The suspense was unbearable

In 1965, a popular British comic by the name of “Eagle” published the following dramatic letter from an an avid young reader. In fact, that 12-year-old boy was Douglas Adams, future author of, most notably, The Hitchhiker’s Guide to the Galaxy, and this very short story was his first published work. (Source: The Salmon of Doubt; Image:

Dear Son

In May of 1962, 37-year-old Malcolm Scott Carpenter became just the second American to orbit the Earth, as he piloted the Aurora 7 into space. On the eve of this historic journey, his father, Marion, proudly wrote him the following wonderful letter. (Source: For Spacious Skies; Image: A photo of Earth, taken by Scott Carpenter

Like all frauds your end is approaching

In November of 1964, fearful of his connection to the Communist Party through Stanley Levison, the FBI anonymously sent Martin Luther King the following threatening letter, along with a cassette that contained allegedly incriminating audio recordings of King with women in various hotel rooms — the fruits of a 9 month surveillance project headed by William

The Heroes of Our Time

June, 1964. Marlon Brando sends a telegram to Martin Luther King and declines an offer to assist in a forthcoming demonstration due to ill-health and legal troubles. Brando was an active supporter of the Civil Rights Movement, both vocally and financially, and in fact had been standing just “a few steps behind Dr. King when

YOUR ANONYMOUS GODARD

Mid-1968, the British Film Institute invited acclaimed filmmaker Jean-Luc Godard to open a series of lectures at the National Film Theatre in London. A fee was agreed, the invite accepted, and flights booked. In the days prior to the event, the BFI received two telegrams from Godard. The first can be seen below. The second

Space: The Final Frontier

On August 1st of 1966, just weeks before NBC’s season premiere of the original Star Trek series, two of the programme’s producers — Bob Justman and John Black — contacted Gene Roddenberry and asked him to quickly write the show’s now-famous opening monologue (see clip above), to be recorded by William Shatner. For the next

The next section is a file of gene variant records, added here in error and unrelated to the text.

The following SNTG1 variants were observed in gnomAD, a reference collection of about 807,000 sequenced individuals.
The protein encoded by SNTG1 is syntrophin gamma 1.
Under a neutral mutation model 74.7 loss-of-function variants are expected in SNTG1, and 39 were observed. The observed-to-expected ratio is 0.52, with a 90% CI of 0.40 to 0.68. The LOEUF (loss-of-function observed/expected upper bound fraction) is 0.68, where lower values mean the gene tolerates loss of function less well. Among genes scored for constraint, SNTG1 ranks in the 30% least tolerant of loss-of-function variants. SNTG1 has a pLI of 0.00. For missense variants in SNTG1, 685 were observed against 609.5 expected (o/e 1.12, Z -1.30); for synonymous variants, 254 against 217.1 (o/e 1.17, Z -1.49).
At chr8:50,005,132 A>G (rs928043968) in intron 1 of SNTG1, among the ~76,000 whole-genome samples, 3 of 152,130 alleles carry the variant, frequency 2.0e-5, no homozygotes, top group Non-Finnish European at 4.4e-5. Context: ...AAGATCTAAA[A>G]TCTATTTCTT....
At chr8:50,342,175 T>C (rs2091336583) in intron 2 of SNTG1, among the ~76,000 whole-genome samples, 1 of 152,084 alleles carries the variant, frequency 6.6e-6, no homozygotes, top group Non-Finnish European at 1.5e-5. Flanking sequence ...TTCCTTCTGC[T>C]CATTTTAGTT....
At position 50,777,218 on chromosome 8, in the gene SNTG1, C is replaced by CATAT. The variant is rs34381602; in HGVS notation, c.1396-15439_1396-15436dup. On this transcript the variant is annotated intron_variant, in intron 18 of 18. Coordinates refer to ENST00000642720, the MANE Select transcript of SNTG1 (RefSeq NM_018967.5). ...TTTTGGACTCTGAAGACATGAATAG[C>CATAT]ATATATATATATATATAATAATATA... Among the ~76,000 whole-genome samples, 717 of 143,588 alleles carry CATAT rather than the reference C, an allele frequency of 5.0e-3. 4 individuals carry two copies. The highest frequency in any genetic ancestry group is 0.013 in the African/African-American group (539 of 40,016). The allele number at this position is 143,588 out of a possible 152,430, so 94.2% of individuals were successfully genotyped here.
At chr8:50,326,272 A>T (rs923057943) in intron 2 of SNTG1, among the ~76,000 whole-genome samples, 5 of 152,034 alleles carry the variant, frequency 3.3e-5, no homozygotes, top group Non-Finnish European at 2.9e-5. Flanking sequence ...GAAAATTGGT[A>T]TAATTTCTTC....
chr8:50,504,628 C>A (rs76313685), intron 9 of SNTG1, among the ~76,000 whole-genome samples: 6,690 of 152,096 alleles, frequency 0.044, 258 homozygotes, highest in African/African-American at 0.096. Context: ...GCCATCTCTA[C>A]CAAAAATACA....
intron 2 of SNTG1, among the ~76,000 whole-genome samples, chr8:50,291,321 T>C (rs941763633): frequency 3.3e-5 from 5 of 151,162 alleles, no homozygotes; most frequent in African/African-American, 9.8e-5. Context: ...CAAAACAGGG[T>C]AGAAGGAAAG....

Thanks for being my Dad

Today marks a decade since the death of George Harrison; with that in mind, here are two endearing handwritten letters from the late-Beatle. The first was written in 1968 to a fan who, having previously been advised by Harrison to learn the sitar, had then cheekily asked him for the money needed to purchase one.

HAVE SECURED CONTRACT FOR BEATLES

On May 9th of 1962, after many weeks of trying, Brian Epstein met with the A & R man at Parlophone — George Martin — for a second time, and played him some more material by The Beatles. Martin wasn’t overly impressed with the songs, but provisionally signed the act on the strength of their manager’s enthusiasm, and on

Here are the pictures

Jimi Hendrix sent the following letter to Reprise Records in September of 1968. It was essentially a set of fairly strict instructions with regard to the sleeve design of his forthcoming record, Electric Ladyland: a photo of the band surrounded by kids in Central Park, taken by Linda McCartney, was to feature on the front

Your loving son, Jimi

October, 1966: Very soon after forming The Jimi Hendrix Experience, Jimi Hendrix writes a postcard to his father back home in the U.S. and fills him in on recent developments. Two months later — as mentioned by Jimi — the band’s first single, “Hey Joe,” was released. Their debut album, “Are You Experienced,” soon followed; it is

Who do you think you are — Marilyn Monroe?

Amusing proof, if it were needed, that Marilyn Monroe was difficult to pin down at times, even for New York Times journalists on deadline. The month after this letter was sent, Monroe began shooting her final movie, The Misfits, and not long after that she was admitted to a psychiatric clinic in New York. She described

You are the hippest of cats

The following note was written by Audrey Hepburn in 1961, shortly after hearing the musical score for her latest movie, Breakfast at Tiffany’s, for the first time. Such was her delight, she wrote a charming letter of praise to its composer, Henry Mancini; a man who would later be awarded an Academy Award for his efforts. Short, but

POSSIBLE ACTIONS TO PROVOKE, HARRASS, OR DISRUPT CUBA

On February 2nd of 1962, Brig. Gen. William Craig sent the following memo to Brig. Gen. Edward Lansdale, commander of the Kennedy administration’s Operation Mongoose — a secret project kick-started by the Joint Chiefs of Staff in order to “help Cuba overthrow the Communist regime.” This particular memo, entitled “POSSIBLE ACTIONS TO PROVOKE, HARRASS, OR DISRUPT CUBA,”

The Factory

The Factory, c.1966 | Image: Tuscene One can only imagine the parties that occurred on the fifth floor at 231 East 47th Street during the 60s, for this was Andy Warhol‘s Factory, the very studio in which his famous silkscreens were created on a daily basis; a veritable hot-spot that welcomed a steady stream of visitors that

I NEED TO TELL YOU MY EMOTION

From one master to another. A telegram received in 1968 by Stanley Kubrick shortly after the release of his cinematic tour de force, 2001: A Space Odyssey—sent to him by fellow filmmaker, Federico Fellini. Transcript follows. (Source: The Stanley Kubrick Archives.) Transcript SERCEIVED 4.9.68 DISTRIBUTION MR KUBRICK METROBRIT BORWO ERE STALBANS TELEGRAMS ONE MSGE FOR YOU720 1.55 LONDON